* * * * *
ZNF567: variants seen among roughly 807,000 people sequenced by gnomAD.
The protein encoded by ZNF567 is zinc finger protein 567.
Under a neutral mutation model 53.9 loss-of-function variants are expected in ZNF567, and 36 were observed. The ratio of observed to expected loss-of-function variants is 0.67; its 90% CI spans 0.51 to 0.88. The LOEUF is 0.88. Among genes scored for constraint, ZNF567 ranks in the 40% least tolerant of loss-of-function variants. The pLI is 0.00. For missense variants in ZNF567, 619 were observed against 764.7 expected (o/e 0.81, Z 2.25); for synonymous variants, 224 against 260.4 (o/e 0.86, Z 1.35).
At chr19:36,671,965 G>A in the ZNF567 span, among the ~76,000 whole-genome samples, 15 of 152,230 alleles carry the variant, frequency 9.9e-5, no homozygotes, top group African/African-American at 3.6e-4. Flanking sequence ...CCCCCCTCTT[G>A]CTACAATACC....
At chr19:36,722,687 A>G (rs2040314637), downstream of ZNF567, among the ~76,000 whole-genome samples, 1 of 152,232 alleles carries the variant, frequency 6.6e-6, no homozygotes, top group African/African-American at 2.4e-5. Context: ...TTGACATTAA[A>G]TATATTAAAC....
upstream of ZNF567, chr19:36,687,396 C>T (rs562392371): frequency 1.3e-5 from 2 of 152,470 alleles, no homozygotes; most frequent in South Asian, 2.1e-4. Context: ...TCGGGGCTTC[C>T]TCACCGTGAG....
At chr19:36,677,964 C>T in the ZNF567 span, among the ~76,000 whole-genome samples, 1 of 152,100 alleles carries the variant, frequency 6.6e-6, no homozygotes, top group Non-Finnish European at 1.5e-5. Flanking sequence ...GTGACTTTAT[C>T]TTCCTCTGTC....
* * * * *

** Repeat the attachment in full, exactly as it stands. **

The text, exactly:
ZNF567: variants seen among roughly 807,000 people sequenced by gnomAD.
The protein encoded by ZNF567 is zinc finger protein 567.
Under a neutral mutation model 53.9 loss-of-function variants are expected in ZNF567, and 36 were observed. The ratio of observed to expected loss-of-function variants is 0.67; its 90% CI spans 0.51 to 0.88. The LOEUF is 0.88. Among genes scored for constraint, ZNF567 ranks in the 40% least tolerant of loss-of-function variants. The pLI is 0.00. For missense variants in ZNF567, 619 were observed against 764.7 expected (o/e 0.81, Z 2.25); for synonymous variants, 224 against 260.4 (o/e 0.86, Z 1.35).
At chr19:36,671,965 G>A in the ZNF567 span, among the ~76,000 whole-genome samples, 15 of 152,230 alleles carry the variant, frequency 9.9e-5, no homozygotes, top group African/African-American at 3.6e-4. Flanking sequence ...CCCCCCTCTT[G>A]CTACAATACC....
At chr19:36,722,687 A>G (rs2040314637), downstream of ZNF567, among the ~76,000 whole-genome samples, 1 of 152,232 alleles carries the variant, frequency 6.6e-6, no homozygotes, top group African/African-American at 2.4e-5. Context: ...TTGACATTAA[A>G]TATATTAAAC....
upstream of ZNF567, chr19:36,687,396 C>T (rs562392371): frequency 1.3e-5 from 2 of 152,470 alleles, no homozygotes; most frequent in South Asian, 2.1e-4. Context: ...TCGGGGCTTC[C>T]TCACCGTGAG....
At chr19:36,677,964 C>T in the ZNF567 span, among the ~76,000 whole-genome samples, 1 of 152,100 alleles carries the variant, frequency 6.6e-6, no homozygotes, top group Non-Finnish European at 1.5e-5. Flanking sequence ...GTGACTTTAT[C>T]TTCCTCTGTC....